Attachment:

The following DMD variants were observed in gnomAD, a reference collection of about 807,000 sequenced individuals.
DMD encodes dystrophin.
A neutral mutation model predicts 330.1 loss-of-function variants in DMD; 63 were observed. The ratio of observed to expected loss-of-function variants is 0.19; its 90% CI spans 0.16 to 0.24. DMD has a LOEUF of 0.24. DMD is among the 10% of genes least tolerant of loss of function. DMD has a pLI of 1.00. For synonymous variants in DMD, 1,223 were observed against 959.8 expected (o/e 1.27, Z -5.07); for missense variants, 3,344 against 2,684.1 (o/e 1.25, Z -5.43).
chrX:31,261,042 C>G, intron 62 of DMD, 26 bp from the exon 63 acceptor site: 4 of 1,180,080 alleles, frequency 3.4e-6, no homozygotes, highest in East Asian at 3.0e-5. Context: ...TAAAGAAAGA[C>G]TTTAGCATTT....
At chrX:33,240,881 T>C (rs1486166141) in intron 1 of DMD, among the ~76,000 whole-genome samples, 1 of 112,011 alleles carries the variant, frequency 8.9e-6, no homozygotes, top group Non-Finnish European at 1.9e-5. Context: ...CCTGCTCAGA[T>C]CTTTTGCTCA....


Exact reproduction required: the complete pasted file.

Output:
The following DMD variants were observed in gnomAD, a reference collection of about 807,000 sequenced individuals.
DMD encodes dystrophin.
A neutral mutation model predicts 330.1 loss-of-function variants in DMD; 63 were observed. The ratio of observed to expected loss-of-function variants is 0.19; its 90% CI spans 0.16 to 0.24. DMD has a LOEUF of 0.24. DMD is among the 10% of genes least tolerant of loss of function. DMD has a pLI of 1.00. For synonymous variants in DMD, 1,223 were observed against 959.8 expected (o/e 1.27, Z -5.07); for missense variants, 3,344 against 2,684.1 (o/e 1.25, Z -5.43).
chrX:31,261,042 C>G, intron 62 of DMD, 26 bp from the exon 63 acceptor site: 4 of 1,180,080 alleles, frequency 3.4e-6, no homozygotes, highest in East Asian at 3.0e-5. Context: ...TAAAGAAAGA[C>G]TTTAGCATTT....
At chrX:33,240,881 T>C (rs1486166141) in intron 1 of DMD, among the ~76,000 whole-genome samples, 1 of 112,011 alleles carries the variant, frequency 8.9e-6, no homozygotes, top group Non-Finnish European at 1.9e-5. Context: ...CCTGCTCAGA[T>C]CTTTTGCTCA....